J.D. Power and Associates has tapped five consumer trends emerging from the social media commentary it has been studying as part of its new digital trend-spotting division.
The company says that since consumers' access to social networks will accelerate through the proliferation of smartphone and mobile devices, brands must focus on being on the ball in terms of serving up timely and accurate information on those platforms.
And people are scaling back and favoring simpler, "minimalist" lifestyles over ostentation and excess, per the firm. That means brands and marketers need to focus more strongly on the value of products and services, "and tell stories that lead people to perceive products as essential to their lifestyles."
Also, because of the economic meltdown, people have curtailed purchases of more expensive products, at times at the expense of quality. The firm says that this year, they are questioning why low price and high quality have to be mutually exclusive, which means brands that offer both will have an advantage.
With the proliferation of online information and smart devices, users are taking greater control over their purchase experiences and by extension, their lives. "As a result, conveying a sense of empowerment to consumers may be a particularly effective marketing theme," says the firm.
Finally, the firm says that traditional notions of life stages are changing and evolving. People are getting married and having kids later in life and redefining retirement. And the firm says about 85% of college students who will graduate in 2011 plan to move back in with parents. "As a result, marketers must re-evaluate how they segment and target consumers, as traditional perceptions and roles may no longer apply," says the company.
Dave Howlett, senior director of consumer insight and strategy at J.D. Power, says the implications for the auto category are good for mainstream brands moving up to luxury -- Hyundai, for instance, with its new Equus -- and offering more standard equipment.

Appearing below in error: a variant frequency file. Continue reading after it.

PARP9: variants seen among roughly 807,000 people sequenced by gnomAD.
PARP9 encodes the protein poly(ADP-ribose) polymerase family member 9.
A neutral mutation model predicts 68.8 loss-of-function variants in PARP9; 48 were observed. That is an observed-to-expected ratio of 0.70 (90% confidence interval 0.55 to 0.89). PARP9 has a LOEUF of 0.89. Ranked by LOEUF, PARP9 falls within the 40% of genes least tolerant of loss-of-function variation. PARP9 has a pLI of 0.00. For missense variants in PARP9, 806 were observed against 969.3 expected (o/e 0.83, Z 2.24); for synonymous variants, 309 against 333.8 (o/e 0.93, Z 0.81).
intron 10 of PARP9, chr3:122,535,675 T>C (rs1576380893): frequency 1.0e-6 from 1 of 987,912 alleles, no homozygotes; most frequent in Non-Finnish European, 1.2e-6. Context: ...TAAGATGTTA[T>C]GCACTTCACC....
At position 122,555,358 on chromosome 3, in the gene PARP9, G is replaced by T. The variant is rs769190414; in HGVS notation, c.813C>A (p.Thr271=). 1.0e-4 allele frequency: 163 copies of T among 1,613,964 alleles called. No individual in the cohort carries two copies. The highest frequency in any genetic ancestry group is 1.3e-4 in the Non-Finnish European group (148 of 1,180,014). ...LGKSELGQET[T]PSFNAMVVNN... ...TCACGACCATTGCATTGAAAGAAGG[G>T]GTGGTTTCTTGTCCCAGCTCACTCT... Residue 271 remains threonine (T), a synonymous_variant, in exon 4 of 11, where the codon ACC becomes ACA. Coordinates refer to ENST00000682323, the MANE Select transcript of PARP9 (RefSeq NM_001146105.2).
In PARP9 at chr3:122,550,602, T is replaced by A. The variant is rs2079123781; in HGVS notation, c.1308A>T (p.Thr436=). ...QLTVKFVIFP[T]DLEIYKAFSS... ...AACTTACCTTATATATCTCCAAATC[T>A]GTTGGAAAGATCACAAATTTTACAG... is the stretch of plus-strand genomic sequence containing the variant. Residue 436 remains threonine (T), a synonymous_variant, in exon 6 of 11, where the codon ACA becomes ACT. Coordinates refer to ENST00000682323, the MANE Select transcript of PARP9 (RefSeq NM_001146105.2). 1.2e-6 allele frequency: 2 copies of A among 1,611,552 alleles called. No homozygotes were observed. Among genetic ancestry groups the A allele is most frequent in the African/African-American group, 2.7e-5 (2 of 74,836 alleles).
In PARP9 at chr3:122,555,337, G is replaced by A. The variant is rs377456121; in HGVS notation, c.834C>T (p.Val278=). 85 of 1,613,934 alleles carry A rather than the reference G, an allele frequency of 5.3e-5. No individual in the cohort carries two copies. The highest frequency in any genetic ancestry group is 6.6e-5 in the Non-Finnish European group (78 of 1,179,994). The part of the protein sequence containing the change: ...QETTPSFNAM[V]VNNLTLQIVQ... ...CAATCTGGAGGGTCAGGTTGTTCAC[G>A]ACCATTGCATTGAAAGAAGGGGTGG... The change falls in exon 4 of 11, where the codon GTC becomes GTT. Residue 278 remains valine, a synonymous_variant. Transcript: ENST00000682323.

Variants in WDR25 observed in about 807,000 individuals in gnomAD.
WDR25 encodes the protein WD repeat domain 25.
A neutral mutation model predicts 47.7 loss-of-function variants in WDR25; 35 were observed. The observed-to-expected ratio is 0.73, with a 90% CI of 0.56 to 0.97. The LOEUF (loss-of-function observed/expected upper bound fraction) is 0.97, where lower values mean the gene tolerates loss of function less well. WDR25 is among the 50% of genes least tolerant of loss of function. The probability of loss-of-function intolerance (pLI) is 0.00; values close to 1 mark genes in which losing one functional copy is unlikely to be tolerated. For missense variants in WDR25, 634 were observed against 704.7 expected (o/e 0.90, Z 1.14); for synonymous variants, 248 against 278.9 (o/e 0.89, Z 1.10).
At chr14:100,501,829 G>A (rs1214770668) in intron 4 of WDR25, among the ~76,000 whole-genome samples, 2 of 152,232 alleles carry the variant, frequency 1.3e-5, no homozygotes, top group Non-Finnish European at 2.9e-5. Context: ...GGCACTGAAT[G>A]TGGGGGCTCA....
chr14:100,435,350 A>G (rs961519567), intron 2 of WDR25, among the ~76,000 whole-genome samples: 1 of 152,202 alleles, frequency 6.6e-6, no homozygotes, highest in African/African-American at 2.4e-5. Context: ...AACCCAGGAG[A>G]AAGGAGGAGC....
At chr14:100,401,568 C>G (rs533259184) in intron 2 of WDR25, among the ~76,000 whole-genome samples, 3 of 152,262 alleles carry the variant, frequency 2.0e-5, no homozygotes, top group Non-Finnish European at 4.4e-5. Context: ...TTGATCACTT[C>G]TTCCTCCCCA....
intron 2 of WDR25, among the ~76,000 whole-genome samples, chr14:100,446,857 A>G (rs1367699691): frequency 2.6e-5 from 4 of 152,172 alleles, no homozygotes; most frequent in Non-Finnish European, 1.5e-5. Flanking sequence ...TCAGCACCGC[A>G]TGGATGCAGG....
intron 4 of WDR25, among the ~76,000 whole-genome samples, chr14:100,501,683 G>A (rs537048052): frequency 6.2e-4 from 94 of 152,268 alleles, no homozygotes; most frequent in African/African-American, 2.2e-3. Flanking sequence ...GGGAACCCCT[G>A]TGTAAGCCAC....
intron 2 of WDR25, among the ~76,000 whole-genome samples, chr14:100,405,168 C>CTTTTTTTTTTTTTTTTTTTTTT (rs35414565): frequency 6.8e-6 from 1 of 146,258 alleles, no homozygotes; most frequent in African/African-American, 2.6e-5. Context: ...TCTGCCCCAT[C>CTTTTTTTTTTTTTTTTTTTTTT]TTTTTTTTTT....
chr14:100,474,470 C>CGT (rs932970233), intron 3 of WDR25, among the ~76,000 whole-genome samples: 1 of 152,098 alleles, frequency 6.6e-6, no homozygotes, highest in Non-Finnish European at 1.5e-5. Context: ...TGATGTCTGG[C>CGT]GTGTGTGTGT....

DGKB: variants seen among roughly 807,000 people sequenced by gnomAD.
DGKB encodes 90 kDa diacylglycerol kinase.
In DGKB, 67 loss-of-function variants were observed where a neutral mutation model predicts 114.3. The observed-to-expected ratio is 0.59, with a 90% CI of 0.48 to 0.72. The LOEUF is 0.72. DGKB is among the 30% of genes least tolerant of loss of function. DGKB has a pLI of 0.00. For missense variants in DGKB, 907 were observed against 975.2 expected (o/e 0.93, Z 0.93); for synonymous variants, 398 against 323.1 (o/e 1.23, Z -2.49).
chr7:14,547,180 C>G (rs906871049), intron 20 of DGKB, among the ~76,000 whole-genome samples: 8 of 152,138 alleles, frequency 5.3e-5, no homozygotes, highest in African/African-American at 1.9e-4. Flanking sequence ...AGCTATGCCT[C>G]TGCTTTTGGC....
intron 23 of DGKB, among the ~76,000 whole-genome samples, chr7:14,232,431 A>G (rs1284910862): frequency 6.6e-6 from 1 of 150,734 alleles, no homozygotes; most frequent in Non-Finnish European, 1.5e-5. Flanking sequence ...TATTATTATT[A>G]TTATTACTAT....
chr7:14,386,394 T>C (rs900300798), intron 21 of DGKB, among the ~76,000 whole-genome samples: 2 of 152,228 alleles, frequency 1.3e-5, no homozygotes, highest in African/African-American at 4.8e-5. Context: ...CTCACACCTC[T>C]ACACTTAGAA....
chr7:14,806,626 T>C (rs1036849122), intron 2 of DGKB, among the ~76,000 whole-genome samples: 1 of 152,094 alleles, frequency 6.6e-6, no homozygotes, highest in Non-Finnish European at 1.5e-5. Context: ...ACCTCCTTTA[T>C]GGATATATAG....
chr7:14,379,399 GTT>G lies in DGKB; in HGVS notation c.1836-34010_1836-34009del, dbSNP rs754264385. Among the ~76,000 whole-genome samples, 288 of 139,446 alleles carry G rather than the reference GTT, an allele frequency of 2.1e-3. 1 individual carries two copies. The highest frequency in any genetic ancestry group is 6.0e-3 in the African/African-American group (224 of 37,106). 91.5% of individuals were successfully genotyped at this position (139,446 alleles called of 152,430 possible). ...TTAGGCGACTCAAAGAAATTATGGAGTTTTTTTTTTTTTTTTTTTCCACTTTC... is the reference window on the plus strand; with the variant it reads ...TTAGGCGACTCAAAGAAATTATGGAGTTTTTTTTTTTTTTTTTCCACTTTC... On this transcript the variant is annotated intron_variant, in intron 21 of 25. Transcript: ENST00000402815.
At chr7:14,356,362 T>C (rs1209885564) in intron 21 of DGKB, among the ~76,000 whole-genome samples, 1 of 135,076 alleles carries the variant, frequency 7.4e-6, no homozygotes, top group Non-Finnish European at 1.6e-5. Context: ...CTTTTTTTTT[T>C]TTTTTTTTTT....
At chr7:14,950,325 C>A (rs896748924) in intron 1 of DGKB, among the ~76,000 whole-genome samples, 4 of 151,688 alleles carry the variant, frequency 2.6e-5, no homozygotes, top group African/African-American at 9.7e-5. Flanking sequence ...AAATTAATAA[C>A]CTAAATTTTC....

"One of the interesting things we saw with Hyundai began a couple of years ago, where more affluent people started buying the brand because of the lower price paired with the brand's service programs," he says, adding that down-shifting to Hyundai was particularly notable in urban settings like San Francisco and New York.
"One of the things we found from Hyundai is these programs where companies are offering things like free oil changes for 36 months, or free maintenance is resonating with consumers; it lets them justify purchase."
Howlett says there was also a lot of positive buzz about Ford's Sync technology. "People are really talking about how easy it is to use and the convenience of having it in their cars. We saw lots of recommendations in social media for Sync."
The firm says the auto sector is on the upswing this month, however, with new vehicle sales in October building on the strength of September, and showing more of a recovery trend. The company predicts that new car retail sales will be at 756,300 -- which would make October the first month this year to reach an annualized rate of 10 million units.
The company says that unlike August and September -- which in the middle of the month saw sales sag -- October sales have remained strong, and that September and October are the first back-to-back months of strong sales since the spring.
"Despite the drag from high unemployment and lower incentive levels, improvement in the auto market in October suggests that consumers are discounting the negative sentiment," says Jeff Schuster, J.D. Power's executive director of industry forecasting. The firm predicts a 14% higher October sales tally than the month last year.